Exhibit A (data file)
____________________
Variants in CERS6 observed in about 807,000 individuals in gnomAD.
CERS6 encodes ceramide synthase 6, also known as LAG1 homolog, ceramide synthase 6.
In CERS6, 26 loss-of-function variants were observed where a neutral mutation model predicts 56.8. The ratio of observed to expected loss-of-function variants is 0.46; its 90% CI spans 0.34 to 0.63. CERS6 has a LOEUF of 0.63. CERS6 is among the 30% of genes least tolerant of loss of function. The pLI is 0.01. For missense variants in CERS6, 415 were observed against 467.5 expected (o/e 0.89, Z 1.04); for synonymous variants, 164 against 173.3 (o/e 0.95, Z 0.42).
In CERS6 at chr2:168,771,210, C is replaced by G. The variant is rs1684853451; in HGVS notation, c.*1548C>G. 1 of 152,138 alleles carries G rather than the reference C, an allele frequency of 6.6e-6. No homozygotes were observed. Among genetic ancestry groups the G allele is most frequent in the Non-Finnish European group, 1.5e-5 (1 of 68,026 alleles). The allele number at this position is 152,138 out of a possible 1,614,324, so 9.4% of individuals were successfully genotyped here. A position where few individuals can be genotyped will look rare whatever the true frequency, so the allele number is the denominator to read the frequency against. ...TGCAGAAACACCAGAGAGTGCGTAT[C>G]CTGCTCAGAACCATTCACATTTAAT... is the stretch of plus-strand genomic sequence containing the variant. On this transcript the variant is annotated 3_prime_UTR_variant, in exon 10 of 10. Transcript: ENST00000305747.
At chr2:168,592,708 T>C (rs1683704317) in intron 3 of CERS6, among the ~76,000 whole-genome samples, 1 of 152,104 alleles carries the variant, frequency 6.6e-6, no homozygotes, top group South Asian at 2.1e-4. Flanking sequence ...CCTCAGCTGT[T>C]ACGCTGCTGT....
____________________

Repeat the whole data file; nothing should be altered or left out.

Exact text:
Variants in CERS6 observed in about 807,000 individuals in gnomAD.
CERS6 encodes ceramide synthase 6, also known as LAG1 homolog, ceramide synthase 6.
In CERS6, 26 loss-of-function variants were observed where a neutral mutation model predicts 56.8. The ratio of observed to expected loss-of-function variants is 0.46; its 90% CI spans 0.34 to 0.63. CERS6 has a LOEUF of 0.63. CERS6 is among the 30% of genes least tolerant of loss of function. The pLI is 0.01. For missense variants in CERS6, 415 were observed against 467.5 expected (o/e 0.89, Z 1.04); for synonymous variants, 164 against 173.3 (o/e 0.95, Z 0.42).
In CERS6 at chr2:168,771,210, C is replaced by G. The variant is rs1684853451; in HGVS notation, c.*1548C>G. 1 of 152,138 alleles carries G rather than the reference C, an allele frequency of 6.6e-6. No homozygotes were observed. Among genetic ancestry groups the G allele is most frequent in the Non-Finnish European group, 1.5e-5 (1 of 68,026 alleles). The allele number at this position is 152,138 out of a possible 1,614,324, so 9.4% of individuals were successfully genotyped here. A position where few individuals can be genotyped will look rare whatever the true frequency, so the allele number is the denominator to read the frequency against. ...TGCAGAAACACCAGAGAGTGCGTAT[C>G]CTGCTCAGAACCATTCACATTTAAT... is the stretch of plus-strand genomic sequence containing the variant. On this transcript the variant is annotated 3_prime_UTR_variant, in exon 10 of 10. Transcript: ENST00000305747.
At chr2:168,592,708 T>C (rs1683704317) in intron 3 of CERS6, among the ~76,000 whole-genome samples, 1 of 152,104 alleles carries the variant, frequency 6.6e-6, no homozygotes, top group South Asian at 2.1e-4. Flanking sequence ...CCTCAGCTGT[T>C]ACGCTGCTGT....